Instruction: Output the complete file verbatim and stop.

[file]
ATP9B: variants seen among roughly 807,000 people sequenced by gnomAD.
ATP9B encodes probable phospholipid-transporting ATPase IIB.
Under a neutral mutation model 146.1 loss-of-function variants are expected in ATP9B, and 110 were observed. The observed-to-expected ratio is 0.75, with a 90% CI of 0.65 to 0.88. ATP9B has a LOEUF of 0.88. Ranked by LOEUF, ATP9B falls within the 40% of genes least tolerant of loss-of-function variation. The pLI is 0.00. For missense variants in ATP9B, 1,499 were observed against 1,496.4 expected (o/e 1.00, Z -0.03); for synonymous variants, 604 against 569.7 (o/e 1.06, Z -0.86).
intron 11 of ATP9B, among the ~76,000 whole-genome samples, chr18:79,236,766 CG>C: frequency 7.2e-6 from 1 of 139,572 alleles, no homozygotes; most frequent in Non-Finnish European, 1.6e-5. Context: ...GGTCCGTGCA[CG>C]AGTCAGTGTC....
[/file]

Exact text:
ATP9B: variants seen among roughly 807,000 people sequenced by gnomAD.
ATP9B encodes probable phospholipid-transporting ATPase IIB.
Under a neutral mutation model 146.1 loss-of-function variants are expected in ATP9B, and 110 were observed. The observed-to-expected ratio is 0.75, with a 90% CI of 0.65 to 0.88. ATP9B has a LOEUF of 0.88. Ranked by LOEUF, ATP9B falls within the 40% of genes least tolerant of loss-of-function variation. The pLI is 0.00. For missense variants in ATP9B, 1,499 were observed against 1,496.4 expected (o/e 1.00, Z -0.03); for synonymous variants, 604 against 569.7 (o/e 1.06, Z -0.86).
intron 11 of ATP9B, among the ~76,000 whole-genome samples, chr18:79,236,766 CG>C: frequency 7.2e-6 from 1 of 139,572 alleles, no homozygotes; most frequent in Non-Finnish European, 1.6e-5. Context: ...GGTCCGTGCA[CG>C]AGTCAGTGTC....